If you are in a situation where you need to reduce your organic matter percentage on sand-based greens, what is a good program to implement? Conventional wisdom tells you to core aerate, remove the plugs, topdress heavily with sand and brush it in to fill the holes. Intuitively, extraction and replacement is more effective then sand injection alone using either high pressure water injection or solid tine and backfilling with sand. But how significant is the difference? In fact, there are people out there that say you cannot effectively manage organic matter without extracting a portion of the root zone (Moeller, A., Lowe, T. 2016). The purpose of the article is to examine the math behind both extraction and replacement or sand injection alone. Understanding the effect each method has from a direct mathematical standpoint will help you create a suitable plan of action that has the least cost and disruption to play.

Suppose you have greens that are testing out to be 4.57% organic matter (OM) within the top 3 inches of your greens. Your goal may be to reduce it close to 3.25% as quickly as possible and maintain it somewhere at or below that threshold in the future. You set the time period that you would like to achieve this at 1.5 growing seasons. During that time period you estimate that you may gain another .43% OM so you set the start point for reduction at 5.00%. How many times do you need to core aerate and with what size tines? Of course, the larger the tines diameter and the tighter the spacing, the fewer the number of applications will be needed. In the case of injection, the same logic applies where the tighter the spacing, the fewer applications you will need to perform the task. This logic is related to the “area of disruption” often spoke about and where the USGA and others have recommended (Hartwiger, C., O’Brien, P. 2001, et al.) that the total of any given growing season fall under the guidelines of 10-20% surface disruption for organic matter control.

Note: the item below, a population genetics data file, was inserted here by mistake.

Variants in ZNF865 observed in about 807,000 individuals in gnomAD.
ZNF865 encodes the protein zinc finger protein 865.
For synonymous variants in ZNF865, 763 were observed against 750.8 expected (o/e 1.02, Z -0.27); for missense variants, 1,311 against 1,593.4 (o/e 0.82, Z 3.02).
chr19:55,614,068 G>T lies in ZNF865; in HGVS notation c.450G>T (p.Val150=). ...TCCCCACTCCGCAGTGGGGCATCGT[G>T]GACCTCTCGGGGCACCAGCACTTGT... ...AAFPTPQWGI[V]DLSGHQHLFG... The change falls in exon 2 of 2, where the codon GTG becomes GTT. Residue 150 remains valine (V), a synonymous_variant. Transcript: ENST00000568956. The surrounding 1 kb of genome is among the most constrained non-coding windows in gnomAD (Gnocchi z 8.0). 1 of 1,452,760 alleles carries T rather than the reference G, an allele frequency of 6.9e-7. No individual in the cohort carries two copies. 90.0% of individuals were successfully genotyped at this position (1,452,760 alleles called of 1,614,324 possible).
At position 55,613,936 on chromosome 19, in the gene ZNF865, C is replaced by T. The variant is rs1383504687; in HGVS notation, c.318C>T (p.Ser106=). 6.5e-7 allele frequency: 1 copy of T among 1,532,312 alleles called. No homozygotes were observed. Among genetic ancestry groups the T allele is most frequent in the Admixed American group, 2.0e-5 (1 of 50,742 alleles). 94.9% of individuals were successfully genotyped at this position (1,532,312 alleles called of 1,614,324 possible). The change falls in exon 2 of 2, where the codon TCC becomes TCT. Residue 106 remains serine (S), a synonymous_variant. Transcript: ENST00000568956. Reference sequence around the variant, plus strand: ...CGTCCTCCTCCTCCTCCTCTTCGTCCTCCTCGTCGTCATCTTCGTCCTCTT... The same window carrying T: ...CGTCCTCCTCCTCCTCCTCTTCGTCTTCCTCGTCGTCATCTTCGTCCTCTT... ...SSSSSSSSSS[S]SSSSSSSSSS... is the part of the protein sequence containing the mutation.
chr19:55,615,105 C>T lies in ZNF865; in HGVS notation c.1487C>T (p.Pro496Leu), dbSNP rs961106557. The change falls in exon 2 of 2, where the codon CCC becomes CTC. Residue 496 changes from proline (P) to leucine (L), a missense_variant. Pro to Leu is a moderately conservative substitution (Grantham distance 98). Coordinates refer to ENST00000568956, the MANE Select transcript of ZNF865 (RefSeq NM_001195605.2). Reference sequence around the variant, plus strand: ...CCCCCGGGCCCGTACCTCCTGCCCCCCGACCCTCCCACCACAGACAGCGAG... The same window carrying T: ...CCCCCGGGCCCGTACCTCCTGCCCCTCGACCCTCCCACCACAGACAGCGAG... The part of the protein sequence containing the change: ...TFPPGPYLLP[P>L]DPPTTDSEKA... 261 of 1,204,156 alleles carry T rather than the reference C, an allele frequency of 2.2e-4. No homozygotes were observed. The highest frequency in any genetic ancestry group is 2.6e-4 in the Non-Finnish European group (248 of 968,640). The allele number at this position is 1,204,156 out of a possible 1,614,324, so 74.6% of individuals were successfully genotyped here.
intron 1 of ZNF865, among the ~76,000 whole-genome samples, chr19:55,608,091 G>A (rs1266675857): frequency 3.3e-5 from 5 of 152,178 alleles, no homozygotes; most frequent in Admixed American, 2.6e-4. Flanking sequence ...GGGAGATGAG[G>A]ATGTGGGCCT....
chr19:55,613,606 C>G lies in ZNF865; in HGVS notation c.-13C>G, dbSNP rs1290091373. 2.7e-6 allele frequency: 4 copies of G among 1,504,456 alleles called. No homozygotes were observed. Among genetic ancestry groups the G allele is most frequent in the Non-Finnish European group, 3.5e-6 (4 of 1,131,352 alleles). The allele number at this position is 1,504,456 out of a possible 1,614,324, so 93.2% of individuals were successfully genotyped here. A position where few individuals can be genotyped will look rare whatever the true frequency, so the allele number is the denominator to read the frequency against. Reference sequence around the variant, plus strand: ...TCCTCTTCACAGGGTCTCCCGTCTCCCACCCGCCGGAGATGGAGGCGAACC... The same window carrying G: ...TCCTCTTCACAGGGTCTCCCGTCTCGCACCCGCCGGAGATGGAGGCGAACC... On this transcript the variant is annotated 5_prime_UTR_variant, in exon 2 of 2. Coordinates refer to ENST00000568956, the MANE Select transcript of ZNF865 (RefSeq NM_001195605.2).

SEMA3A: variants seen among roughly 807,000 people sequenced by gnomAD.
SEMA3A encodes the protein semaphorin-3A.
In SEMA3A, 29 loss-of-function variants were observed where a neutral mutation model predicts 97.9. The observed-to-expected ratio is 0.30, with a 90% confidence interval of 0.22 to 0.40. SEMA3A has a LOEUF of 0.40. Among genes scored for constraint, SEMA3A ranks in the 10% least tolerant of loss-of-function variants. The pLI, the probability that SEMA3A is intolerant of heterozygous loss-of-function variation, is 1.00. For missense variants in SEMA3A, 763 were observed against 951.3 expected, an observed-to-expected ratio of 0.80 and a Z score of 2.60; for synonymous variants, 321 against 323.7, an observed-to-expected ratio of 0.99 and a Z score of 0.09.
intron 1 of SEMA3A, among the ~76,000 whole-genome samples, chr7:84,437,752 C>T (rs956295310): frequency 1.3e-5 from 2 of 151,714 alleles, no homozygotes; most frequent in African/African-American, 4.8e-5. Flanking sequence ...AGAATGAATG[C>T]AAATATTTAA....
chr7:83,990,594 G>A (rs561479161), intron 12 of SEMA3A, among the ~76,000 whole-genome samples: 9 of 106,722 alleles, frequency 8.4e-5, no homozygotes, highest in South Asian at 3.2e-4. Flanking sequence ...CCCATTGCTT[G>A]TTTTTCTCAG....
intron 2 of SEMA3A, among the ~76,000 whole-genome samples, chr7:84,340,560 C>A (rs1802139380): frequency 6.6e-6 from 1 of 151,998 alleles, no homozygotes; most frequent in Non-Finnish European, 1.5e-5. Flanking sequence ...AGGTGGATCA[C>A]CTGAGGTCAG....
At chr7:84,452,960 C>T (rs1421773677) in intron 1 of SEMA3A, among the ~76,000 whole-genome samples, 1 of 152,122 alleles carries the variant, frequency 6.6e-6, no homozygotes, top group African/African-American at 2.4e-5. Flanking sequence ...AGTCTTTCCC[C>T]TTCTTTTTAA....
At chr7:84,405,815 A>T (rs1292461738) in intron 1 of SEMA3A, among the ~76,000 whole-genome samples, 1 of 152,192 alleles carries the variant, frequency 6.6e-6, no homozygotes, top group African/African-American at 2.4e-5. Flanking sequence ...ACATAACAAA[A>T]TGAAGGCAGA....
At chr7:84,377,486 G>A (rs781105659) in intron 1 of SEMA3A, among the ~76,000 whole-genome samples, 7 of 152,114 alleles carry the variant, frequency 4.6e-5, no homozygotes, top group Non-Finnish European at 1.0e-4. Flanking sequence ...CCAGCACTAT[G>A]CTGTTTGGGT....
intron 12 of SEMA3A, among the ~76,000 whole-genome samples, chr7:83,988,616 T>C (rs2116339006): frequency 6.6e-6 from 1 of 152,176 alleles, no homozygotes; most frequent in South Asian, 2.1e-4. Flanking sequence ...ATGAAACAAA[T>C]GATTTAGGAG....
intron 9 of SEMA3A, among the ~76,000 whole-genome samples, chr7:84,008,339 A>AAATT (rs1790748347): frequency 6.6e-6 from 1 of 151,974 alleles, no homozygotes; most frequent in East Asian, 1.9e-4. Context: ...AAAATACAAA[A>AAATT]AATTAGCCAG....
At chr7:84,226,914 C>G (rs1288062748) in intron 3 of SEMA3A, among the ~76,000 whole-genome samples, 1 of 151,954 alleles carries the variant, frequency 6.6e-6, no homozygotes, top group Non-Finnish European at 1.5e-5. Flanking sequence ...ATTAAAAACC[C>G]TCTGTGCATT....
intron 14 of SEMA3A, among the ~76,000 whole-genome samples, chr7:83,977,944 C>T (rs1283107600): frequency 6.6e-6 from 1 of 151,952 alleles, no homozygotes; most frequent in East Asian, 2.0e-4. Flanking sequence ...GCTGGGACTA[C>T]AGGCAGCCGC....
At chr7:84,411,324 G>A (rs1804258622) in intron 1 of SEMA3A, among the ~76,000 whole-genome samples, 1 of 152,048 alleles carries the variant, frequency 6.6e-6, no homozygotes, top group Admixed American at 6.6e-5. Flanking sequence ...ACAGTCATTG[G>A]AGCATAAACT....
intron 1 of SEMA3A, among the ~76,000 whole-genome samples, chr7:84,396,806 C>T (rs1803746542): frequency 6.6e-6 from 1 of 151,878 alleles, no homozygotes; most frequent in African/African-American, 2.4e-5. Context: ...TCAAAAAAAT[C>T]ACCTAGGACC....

For this exercise we will assume that all core holes can be successfully filled with topdressing. Excess sand topdressing left in the turf canopy is assumed zero and subsequently not factored in. Although this does not occur in practice, we adopted this simplification to directly compare core extraction and filling with sand to injection.

An additional component of these calculations is determining the bulk density of the soil mix. The equation used for this calculation comes from the Estimated Bulk Density Calculation from USDA-NRCS (undated) which employs data of the component sand (1.56 g cm-3) and organic matter (0.22 g cm-3) bulk density values. This equation, BD = 100/(% OM/OM BD)+((100-%OM)/SAND BD)) computes to an existing BD of 1.196 g cm-3 after the assumed growth is factored in.